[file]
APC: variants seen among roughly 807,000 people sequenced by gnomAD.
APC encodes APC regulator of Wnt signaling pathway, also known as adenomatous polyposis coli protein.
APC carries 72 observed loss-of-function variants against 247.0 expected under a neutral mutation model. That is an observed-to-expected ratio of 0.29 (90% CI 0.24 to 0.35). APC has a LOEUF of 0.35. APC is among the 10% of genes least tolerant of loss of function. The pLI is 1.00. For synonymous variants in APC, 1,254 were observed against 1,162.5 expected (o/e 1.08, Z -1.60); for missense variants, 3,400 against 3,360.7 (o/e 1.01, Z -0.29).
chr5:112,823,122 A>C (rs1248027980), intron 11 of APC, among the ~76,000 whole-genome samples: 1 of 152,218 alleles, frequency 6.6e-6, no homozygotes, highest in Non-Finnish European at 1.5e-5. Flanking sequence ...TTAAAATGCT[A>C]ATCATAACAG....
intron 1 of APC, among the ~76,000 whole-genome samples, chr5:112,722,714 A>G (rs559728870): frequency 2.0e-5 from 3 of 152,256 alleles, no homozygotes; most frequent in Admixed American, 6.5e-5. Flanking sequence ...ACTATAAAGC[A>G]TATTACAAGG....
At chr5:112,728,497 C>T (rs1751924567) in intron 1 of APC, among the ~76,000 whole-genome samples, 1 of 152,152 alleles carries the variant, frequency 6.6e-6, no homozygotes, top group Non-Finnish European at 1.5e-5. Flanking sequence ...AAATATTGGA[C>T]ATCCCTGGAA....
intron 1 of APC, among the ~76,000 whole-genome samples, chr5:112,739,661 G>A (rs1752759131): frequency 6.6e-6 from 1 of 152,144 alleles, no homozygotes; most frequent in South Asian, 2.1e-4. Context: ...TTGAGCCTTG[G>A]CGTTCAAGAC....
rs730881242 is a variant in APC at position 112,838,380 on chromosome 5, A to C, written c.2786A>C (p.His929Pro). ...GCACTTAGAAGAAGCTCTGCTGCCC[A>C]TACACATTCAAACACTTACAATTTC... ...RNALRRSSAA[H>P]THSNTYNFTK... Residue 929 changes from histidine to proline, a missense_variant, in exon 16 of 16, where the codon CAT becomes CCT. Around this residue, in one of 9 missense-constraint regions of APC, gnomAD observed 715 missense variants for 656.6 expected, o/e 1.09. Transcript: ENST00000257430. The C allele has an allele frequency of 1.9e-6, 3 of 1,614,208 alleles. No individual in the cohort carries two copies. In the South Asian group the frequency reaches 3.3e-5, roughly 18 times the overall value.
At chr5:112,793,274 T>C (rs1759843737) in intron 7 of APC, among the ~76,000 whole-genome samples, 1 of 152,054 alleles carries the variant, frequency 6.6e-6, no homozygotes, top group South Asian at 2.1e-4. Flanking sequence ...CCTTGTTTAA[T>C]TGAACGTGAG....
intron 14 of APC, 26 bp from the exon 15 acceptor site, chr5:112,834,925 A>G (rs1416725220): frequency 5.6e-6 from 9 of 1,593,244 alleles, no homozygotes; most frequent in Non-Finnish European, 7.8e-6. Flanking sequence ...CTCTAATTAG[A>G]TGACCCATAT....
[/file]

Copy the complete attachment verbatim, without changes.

APC: variants seen among roughly 807,000 people sequenced by gnomAD.
APC encodes APC regulator of Wnt signaling pathway, also known as adenomatous polyposis coli protein.
APC carries 72 observed loss-of-function variants against 247.0 expected under a neutral mutation model. That is an observed-to-expected ratio of 0.29 (90% CI 0.24 to 0.35). APC has a LOEUF of 0.35. APC is among the 10% of genes least tolerant of loss of function. The pLI is 1.00. For synonymous variants in APC, 1,254 were observed against 1,162.5 expected (o/e 1.08, Z -1.60); for missense variants, 3,400 against 3,360.7 (o/e 1.01, Z -0.29).
chr5:112,823,122 A>C (rs1248027980), intron 11 of APC, among the ~76,000 whole-genome samples: 1 of 152,218 alleles, frequency 6.6e-6, no homozygotes, highest in Non-Finnish European at 1.5e-5. Flanking sequence ...TTAAAATGCT[A>C]ATCATAACAG....
intron 1 of APC, among the ~76,000 whole-genome samples, chr5:112,722,714 A>G (rs559728870): frequency 2.0e-5 from 3 of 152,256 alleles, no homozygotes; most frequent in Admixed American, 6.5e-5. Flanking sequence ...ACTATAAAGC[A>G]TATTACAAGG....
At chr5:112,728,497 C>T (rs1751924567) in intron 1 of APC, among the ~76,000 whole-genome samples, 1 of 152,152 alleles carries the variant, frequency 6.6e-6, no homozygotes, top group Non-Finnish European at 1.5e-5. Flanking sequence ...AAATATTGGA[C>T]ATCCCTGGAA....
intron 1 of APC, among the ~76,000 whole-genome samples, chr5:112,739,661 G>A (rs1752759131): frequency 6.6e-6 from 1 of 152,144 alleles, no homozygotes; most frequent in South Asian, 2.1e-4. Context: ...TTGAGCCTTG[G>A]CGTTCAAGAC....
rs730881242 is a variant in APC at position 112,838,380 on chromosome 5, A to C, written c.2786A>C (p.His929Pro). ...GCACTTAGAAGAAGCTCTGCTGCCC[A>C]TACACATTCAAACACTTACAATTTC... ...RNALRRSSAA[H>P]THSNTYNFTK... Residue 929 changes from histidine to proline, a missense_variant, in exon 16 of 16, where the codon CAT becomes CCT. Around this residue, in one of 9 missense-constraint regions of APC, gnomAD observed 715 missense variants for 656.6 expected, o/e 1.09. Transcript: ENST00000257430. The C allele has an allele frequency of 1.9e-6, 3 of 1,614,208 alleles. No individual in the cohort carries two copies. In the South Asian group the frequency reaches 3.3e-5, roughly 18 times the overall value.
At chr5:112,793,274 T>C (rs1759843737) in intron 7 of APC, among the ~76,000 whole-genome samples, 1 of 152,054 alleles carries the variant, frequency 6.6e-6, no homozygotes, top group South Asian at 2.1e-4. Flanking sequence ...CCTTGTTTAA[T>C]TGAACGTGAG....
intron 14 of APC, 26 bp from the exon 15 acceptor site, chr5:112,834,925 A>G (rs1416725220): frequency 5.6e-6 from 9 of 1,593,244 alleles, no homozygotes; most frequent in Non-Finnish European, 7.8e-6. Flanking sequence ...CTCTAATTAG[A>G]TGACCCATAT....